We stepped onto the boat, looked around, and saw not a single seat free. It was like the school bus scene in Forrest Gump: row after row of tourist spreading farther apart to make it clear they didn’t want one more person squeezing onto the bench beside them.

“Can we just stand at the front of the boat?” one of my friends asked the tour guide.

“Sure,” she replied. “I’ll even leave the hatch open so you can look out the top.”

Our group settled in with the best view in the boat for our two-hour tour of Oslofjord.

Visitors to Oslo are often on their ways to, or back from, the soaring mountainscapes of Norway’s Fjord region. It’s difficult to compare those deep, clear, largely uninhabitable channels to the Oslofjord, which by contrast is the beating heart of a booming urban region.

Norway’s economy has skyrocketed in the 20th and 21st century following the discovery of crude oil in the snow-capped north. As a result, your dollar doesn’t go far; we paid 30 bucks for nachos one night, and a beer will run about $14.

Rapid development has overtaken the capitol city, another result of the oil boom. And while you see scaffolding and construction sites as you walk throughout Oslo, riding through the fjord provides a captivating picture of the economic development.

As our boat pulled away, we passed rows of cranes towering above the water, some part of Oslo’s massive shipping industry but many more devoted to building projects. I stuck my head out of the hatch as we passed the Oslo Opera House, completed in 2007 at a cost of more than $700 million. Its angular white façade rises as an iceberg from the water, and the public is invited to take a peaceful walk up the sloping marble roof. After the building was paid for, Oslo found some spare change in the budget and commissioned a glass and steel sculpture, titled “She lies,” which floats in the water outside the opera house. Seeing it from the water, then later walking up the sides, provided a uniquely thorough image of this massive architectural undertaking.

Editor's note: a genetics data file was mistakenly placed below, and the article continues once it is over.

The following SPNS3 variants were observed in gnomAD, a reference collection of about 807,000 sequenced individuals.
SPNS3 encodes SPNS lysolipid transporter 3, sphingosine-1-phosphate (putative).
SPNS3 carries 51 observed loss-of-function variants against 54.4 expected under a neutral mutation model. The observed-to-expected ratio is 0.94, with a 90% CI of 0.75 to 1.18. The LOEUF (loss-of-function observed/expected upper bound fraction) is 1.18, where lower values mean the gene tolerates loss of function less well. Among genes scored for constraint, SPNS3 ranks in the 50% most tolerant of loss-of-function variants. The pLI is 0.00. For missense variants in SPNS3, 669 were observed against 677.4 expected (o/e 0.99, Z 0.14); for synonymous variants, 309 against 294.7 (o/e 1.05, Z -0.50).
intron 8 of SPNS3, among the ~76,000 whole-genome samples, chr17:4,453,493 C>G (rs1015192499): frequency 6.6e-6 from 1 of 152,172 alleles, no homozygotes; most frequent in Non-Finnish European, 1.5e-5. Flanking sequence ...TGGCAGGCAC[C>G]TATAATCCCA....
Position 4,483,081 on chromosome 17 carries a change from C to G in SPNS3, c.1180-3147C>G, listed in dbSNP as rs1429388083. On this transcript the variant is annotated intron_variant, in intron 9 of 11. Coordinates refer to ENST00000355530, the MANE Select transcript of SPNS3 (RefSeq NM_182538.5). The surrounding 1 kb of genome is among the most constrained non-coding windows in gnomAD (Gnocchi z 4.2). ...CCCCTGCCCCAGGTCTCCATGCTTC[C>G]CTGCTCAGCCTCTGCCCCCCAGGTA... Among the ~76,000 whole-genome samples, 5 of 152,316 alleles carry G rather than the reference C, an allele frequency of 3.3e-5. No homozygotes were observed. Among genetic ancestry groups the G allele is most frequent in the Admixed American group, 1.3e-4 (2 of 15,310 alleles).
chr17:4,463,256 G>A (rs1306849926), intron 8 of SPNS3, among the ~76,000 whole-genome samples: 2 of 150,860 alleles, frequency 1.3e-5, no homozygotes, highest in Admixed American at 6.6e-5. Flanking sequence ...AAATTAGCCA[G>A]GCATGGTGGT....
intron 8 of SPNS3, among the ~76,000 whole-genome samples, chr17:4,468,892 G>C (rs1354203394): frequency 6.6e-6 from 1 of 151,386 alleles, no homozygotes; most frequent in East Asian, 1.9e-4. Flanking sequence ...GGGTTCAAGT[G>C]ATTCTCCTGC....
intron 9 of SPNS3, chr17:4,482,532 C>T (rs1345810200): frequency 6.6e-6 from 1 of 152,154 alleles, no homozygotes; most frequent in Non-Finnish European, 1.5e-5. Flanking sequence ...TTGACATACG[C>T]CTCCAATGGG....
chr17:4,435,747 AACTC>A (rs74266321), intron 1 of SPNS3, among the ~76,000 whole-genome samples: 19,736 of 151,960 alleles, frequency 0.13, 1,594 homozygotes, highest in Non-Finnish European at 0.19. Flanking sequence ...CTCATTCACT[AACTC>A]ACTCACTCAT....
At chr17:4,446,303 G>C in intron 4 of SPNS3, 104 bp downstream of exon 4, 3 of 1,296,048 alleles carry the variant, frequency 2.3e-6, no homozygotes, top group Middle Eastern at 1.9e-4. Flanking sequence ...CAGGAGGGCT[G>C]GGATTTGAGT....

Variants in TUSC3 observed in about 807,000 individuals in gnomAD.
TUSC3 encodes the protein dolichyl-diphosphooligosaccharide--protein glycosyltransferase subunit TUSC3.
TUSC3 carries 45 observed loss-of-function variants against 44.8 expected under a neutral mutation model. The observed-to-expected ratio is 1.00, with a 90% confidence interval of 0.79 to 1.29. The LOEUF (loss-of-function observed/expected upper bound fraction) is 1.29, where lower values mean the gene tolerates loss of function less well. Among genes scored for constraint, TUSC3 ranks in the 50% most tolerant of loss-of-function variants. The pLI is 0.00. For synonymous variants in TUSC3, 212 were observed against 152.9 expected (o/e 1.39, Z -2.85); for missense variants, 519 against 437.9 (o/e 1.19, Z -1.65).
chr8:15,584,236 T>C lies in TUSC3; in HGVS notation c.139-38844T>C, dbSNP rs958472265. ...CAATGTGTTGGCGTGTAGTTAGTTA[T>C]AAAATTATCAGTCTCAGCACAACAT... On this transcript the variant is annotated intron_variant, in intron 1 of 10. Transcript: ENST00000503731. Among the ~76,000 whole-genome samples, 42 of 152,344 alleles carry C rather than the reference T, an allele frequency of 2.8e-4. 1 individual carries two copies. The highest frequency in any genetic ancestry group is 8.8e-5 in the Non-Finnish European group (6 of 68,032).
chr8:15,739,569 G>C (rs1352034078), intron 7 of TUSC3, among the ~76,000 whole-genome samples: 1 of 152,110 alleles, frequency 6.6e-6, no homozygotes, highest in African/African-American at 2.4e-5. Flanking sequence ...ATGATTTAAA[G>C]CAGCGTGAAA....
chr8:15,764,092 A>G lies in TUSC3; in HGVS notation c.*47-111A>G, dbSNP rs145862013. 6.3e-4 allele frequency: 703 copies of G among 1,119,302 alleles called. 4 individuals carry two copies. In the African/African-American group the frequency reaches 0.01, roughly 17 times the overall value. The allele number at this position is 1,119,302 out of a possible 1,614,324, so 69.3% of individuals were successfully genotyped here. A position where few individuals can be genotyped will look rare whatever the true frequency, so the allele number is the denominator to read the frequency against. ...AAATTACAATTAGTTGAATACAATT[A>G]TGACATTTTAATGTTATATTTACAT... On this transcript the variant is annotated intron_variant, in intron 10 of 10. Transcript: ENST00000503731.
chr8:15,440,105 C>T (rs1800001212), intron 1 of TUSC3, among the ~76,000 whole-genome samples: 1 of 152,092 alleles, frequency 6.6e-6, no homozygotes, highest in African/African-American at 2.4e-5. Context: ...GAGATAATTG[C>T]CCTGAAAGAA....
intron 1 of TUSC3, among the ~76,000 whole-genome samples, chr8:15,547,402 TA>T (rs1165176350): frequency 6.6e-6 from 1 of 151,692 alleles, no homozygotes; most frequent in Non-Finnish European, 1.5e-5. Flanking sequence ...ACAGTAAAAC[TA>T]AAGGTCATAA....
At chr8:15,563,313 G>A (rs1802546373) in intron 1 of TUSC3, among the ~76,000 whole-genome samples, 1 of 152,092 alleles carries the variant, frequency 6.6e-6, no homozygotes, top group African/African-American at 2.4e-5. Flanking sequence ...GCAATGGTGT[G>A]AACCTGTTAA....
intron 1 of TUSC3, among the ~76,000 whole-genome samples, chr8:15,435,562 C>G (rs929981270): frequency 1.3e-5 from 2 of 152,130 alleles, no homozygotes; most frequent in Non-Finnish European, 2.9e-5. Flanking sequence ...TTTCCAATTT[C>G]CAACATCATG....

As the boat continued into the Oslofjord, skyscrapers gave way to country cottages, one of the most valued signs of success in Scandinavia. The waterfront homes each had a corresponding boathouse with a door through the bottom—designed for skinny-dipping out of the neighbors’ view, we were told. Soon even the summer houses faded into the distance, and we approached more remote areas an hour’s ride outside the city where residents still walk across the frozen fjord in winter to visit their neighbors.

This was no replacement for the picturesque beauty of the Fjord region, with its crashing waterfalls and dramatic glacier-cut countryside. But if you only focus on Norway’s natural beauty, you’ll never comprehend what defines the country in the modern world. Just a short trip down the city’s life-giving waterways can help correct that.